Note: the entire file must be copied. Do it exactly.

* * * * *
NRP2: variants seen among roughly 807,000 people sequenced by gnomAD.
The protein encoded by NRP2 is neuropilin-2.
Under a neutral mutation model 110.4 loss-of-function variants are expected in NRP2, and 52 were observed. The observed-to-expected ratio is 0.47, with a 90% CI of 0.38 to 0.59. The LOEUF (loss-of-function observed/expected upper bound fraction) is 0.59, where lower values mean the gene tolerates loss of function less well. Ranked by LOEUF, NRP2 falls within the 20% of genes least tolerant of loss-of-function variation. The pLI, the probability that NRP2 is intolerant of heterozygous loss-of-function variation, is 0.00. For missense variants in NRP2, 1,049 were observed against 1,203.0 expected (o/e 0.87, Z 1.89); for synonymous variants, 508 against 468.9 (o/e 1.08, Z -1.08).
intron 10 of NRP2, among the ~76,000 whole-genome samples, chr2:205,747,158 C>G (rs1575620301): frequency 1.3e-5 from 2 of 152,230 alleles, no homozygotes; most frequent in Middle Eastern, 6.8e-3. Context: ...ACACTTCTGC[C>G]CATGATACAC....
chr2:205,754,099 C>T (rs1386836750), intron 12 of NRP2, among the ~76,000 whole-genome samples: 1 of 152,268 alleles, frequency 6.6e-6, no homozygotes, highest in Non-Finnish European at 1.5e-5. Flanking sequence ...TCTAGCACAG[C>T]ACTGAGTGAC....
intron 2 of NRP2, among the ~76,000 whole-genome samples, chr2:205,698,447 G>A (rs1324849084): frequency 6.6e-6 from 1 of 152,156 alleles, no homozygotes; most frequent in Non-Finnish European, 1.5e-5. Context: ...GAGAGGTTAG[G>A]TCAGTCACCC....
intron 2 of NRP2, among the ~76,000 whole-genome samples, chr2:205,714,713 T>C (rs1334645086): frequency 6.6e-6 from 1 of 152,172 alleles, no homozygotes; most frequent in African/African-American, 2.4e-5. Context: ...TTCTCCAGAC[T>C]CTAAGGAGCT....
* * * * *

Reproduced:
NRP2: variants seen among roughly 807,000 people sequenced by gnomAD.
The protein encoded by NRP2 is neuropilin-2.
Under a neutral mutation model 110.4 loss-of-function variants are expected in NRP2, and 52 were observed. The observed-to-expected ratio is 0.47, with a 90% CI of 0.38 to 0.59. The LOEUF (loss-of-function observed/expected upper bound fraction) is 0.59, where lower values mean the gene tolerates loss of function less well. Ranked by LOEUF, NRP2 falls within the 20% of genes least tolerant of loss-of-function variation. The pLI, the probability that NRP2 is intolerant of heterozygous loss-of-function variation, is 0.00. For missense variants in NRP2, 1,049 were observed against 1,203.0 expected (o/e 0.87, Z 1.89); for synonymous variants, 508 against 468.9 (o/e 1.08, Z -1.08).
intron 10 of NRP2, among the ~76,000 whole-genome samples, chr2:205,747,158 C>G (rs1575620301): frequency 1.3e-5 from 2 of 152,230 alleles, no homozygotes; most frequent in Middle Eastern, 6.8e-3. Context: ...ACACTTCTGC[C>G]CATGATACAC....
chr2:205,754,099 C>T (rs1386836750), intron 12 of NRP2, among the ~76,000 whole-genome samples: 1 of 152,268 alleles, frequency 6.6e-6, no homozygotes, highest in Non-Finnish European at 1.5e-5. Flanking sequence ...TCTAGCACAG[C>T]ACTGAGTGAC....
intron 2 of NRP2, among the ~76,000 whole-genome samples, chr2:205,698,447 G>A (rs1324849084): frequency 6.6e-6 from 1 of 152,156 alleles, no homozygotes; most frequent in Non-Finnish European, 1.5e-5. Context: ...GAGAGGTTAG[G>A]TCAGTCACCC....
intron 2 of NRP2, among the ~76,000 whole-genome samples, chr2:205,714,713 T>C (rs1334645086): frequency 6.6e-6 from 1 of 152,172 alleles, no homozygotes; most frequent in African/African-American, 2.4e-5. Context: ...TTCTCCAGAC[T>C]CTAAGGAGCT....